Clennell Haggerston “Punch” Dickins logged more than one million miles of flight over Canada’s northern wilderness. But before he became a legend in the North and earned the local nickname of ‘Snow Eagle,’ Dickins was one of few bomber pilots to be named an ace in World War I, having downed five or more enemy aircraft—seven, in his case.
Dickins was born in Portage La Prairie, Manitoba, and grew up in Edmonton. After the war, he would open up the country’s first airport in 1927, be the first to fly over the barrenlands in 1928—without maps and few landmarks—and operate the first commercial flight over the Mackenzie basin to destinations north of the Arctic Circle. He was a confident pilot, and it’s said he wouldn’t admit to being lost, but would instead land the plane and have a cup of tea and re-establish his bearings.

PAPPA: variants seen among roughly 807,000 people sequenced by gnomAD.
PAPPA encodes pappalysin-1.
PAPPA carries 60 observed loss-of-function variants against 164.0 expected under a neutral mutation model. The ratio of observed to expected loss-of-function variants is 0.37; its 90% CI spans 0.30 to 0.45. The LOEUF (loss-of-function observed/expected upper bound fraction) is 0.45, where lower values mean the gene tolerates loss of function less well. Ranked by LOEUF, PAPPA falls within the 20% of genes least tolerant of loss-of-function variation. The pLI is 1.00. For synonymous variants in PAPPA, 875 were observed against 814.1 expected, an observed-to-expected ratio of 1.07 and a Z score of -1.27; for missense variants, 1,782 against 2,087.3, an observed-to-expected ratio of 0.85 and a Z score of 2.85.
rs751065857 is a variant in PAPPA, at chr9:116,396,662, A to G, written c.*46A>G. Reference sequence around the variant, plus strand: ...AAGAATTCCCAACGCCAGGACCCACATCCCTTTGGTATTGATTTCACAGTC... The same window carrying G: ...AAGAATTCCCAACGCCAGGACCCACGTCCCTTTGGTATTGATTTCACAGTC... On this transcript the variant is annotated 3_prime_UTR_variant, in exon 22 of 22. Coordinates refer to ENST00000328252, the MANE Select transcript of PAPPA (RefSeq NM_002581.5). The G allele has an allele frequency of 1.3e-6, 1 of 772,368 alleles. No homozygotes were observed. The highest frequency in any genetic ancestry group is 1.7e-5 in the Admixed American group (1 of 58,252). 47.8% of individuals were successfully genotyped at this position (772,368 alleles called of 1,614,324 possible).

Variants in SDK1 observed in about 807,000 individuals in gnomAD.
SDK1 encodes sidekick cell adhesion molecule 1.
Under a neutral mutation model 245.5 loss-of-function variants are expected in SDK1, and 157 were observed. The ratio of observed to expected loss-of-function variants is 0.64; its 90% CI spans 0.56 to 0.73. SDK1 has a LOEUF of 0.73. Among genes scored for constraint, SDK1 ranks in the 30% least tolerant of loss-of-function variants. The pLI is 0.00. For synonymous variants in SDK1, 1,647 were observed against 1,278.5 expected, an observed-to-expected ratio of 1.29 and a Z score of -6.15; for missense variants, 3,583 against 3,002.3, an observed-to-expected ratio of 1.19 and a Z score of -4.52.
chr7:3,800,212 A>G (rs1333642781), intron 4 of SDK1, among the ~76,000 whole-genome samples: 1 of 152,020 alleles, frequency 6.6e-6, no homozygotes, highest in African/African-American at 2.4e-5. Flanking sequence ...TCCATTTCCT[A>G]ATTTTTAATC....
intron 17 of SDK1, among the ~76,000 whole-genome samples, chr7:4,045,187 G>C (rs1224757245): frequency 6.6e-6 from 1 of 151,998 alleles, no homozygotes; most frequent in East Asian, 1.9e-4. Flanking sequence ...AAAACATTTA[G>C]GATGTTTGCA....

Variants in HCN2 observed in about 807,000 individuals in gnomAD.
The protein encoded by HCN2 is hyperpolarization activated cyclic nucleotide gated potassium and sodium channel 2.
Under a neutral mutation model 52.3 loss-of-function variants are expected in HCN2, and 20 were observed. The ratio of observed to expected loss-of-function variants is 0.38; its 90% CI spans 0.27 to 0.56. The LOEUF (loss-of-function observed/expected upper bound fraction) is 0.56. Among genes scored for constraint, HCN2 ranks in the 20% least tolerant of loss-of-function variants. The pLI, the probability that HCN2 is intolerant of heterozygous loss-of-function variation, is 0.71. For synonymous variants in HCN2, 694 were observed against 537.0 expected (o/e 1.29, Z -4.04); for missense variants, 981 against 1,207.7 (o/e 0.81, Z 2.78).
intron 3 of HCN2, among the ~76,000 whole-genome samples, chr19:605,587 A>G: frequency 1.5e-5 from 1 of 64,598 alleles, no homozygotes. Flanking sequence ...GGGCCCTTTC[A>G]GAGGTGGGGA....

He was one of 80 bush pilots surveyed by de Havilland in 1946 as they gathered input on Northern and Arctic flying conditions to inform future aircraft designs. Dickins provided a wealth of advice on technical changes that could be made to their aircraft and was invited to join the company as a consultant. He’d help the company pioneer short-takeoff and landing aircraft—such as the iconic Beaver bushplane and the Otters, Buffalo and Dash-7—which, under the helm of expert pilots, opened up the North.
Dickins flew until he was 78 and died at age 96 in Toronto in 1995.